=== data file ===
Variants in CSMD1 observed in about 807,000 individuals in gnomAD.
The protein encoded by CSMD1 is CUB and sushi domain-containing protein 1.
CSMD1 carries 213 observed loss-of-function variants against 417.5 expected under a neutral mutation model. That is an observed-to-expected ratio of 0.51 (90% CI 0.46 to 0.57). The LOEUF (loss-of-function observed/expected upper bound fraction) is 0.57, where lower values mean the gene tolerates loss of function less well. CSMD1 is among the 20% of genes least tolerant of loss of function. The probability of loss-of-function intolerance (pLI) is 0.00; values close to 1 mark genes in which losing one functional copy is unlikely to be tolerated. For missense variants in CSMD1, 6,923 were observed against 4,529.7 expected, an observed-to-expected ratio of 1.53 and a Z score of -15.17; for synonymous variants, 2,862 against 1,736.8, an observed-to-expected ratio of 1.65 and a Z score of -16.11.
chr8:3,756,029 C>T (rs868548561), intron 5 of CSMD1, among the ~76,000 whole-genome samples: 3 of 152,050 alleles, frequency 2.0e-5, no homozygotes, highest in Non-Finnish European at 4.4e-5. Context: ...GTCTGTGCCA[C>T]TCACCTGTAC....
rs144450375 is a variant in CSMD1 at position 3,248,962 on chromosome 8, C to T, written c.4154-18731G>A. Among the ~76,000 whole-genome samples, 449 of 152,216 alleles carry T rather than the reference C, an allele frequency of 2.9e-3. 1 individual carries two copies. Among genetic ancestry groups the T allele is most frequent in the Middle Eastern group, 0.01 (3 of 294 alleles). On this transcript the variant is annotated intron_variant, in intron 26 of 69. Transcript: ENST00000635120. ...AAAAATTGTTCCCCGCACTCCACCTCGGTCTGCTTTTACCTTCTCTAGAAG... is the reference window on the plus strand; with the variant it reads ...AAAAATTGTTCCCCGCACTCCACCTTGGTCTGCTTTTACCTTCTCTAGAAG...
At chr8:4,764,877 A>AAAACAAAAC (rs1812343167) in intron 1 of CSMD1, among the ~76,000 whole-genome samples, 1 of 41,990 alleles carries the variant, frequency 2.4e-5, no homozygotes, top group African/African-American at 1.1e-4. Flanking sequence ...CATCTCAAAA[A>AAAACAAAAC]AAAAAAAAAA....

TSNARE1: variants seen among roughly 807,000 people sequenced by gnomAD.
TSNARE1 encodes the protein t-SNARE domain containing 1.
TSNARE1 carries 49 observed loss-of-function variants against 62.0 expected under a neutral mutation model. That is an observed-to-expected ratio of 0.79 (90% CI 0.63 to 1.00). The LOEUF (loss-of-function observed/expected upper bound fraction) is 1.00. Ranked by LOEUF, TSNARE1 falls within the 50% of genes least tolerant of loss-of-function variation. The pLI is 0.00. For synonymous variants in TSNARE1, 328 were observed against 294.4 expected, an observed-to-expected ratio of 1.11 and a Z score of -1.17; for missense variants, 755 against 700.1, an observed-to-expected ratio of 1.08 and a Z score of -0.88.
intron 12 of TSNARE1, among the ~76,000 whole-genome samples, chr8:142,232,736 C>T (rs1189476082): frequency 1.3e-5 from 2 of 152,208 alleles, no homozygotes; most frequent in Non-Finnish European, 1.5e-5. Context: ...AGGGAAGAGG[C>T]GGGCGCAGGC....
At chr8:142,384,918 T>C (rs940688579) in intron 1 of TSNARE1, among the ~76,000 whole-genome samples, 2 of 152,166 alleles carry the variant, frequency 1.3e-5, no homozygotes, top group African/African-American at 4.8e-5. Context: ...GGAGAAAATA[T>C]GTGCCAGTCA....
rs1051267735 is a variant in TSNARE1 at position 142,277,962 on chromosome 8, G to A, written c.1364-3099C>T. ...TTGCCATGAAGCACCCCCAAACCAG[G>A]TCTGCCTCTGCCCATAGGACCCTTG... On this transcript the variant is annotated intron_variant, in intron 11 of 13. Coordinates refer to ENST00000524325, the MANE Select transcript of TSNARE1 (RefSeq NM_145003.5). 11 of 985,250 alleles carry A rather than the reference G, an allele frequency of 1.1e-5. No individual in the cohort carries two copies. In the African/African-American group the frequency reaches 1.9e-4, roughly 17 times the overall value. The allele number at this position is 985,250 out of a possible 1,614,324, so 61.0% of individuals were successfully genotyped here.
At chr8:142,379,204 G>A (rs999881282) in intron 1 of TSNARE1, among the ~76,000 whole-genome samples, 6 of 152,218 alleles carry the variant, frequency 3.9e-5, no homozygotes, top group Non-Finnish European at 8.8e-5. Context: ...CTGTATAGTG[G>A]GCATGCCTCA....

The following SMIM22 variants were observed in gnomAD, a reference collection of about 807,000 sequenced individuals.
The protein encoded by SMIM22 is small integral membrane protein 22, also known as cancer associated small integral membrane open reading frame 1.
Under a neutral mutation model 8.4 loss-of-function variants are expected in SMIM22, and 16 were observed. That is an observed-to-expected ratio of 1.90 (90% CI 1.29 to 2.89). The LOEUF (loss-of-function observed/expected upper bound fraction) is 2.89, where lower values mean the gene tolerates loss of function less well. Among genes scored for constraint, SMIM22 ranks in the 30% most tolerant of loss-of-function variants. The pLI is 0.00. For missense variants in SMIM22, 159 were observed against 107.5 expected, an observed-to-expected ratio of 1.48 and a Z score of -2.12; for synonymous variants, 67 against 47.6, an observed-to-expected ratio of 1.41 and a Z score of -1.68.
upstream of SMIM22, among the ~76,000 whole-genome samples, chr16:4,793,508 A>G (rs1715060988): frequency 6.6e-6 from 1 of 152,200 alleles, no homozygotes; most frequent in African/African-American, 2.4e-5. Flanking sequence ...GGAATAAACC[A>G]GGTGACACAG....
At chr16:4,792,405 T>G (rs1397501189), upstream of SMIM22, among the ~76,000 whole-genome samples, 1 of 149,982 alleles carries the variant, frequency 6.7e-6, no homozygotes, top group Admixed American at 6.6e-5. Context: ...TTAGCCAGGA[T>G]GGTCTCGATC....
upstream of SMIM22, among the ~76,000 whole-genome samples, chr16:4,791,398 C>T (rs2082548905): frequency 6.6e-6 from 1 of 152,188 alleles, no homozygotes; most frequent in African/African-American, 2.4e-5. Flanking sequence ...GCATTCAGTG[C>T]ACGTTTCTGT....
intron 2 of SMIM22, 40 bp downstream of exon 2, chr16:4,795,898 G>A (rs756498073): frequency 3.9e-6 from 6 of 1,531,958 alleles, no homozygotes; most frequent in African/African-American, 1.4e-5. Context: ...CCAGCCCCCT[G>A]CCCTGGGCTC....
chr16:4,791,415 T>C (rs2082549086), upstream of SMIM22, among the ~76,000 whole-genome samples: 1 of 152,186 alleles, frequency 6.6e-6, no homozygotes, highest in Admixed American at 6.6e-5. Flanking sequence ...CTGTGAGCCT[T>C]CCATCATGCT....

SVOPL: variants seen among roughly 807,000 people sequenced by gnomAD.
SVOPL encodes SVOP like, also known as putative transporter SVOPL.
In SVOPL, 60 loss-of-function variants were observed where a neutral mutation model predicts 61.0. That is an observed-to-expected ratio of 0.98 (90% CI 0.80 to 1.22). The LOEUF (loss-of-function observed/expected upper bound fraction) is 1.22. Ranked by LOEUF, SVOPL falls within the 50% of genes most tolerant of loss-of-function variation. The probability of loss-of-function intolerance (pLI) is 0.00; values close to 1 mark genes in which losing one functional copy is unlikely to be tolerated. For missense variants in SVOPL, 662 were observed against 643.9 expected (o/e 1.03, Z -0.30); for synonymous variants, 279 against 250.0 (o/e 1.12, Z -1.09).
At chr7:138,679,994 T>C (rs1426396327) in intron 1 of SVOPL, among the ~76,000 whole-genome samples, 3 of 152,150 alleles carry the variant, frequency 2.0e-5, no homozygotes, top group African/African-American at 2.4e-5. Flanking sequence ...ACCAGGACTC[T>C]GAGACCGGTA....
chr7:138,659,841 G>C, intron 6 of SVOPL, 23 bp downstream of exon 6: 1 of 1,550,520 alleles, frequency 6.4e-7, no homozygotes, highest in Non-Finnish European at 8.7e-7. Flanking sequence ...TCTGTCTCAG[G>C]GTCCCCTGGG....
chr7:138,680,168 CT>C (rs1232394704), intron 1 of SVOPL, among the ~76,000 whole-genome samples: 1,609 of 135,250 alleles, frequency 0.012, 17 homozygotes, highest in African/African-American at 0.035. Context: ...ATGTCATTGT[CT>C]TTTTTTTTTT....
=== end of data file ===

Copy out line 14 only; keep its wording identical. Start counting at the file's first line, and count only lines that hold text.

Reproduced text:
The following SMIM22 variants were observed in gnomAD, a reference collection of about 807,000 sequenced individuals.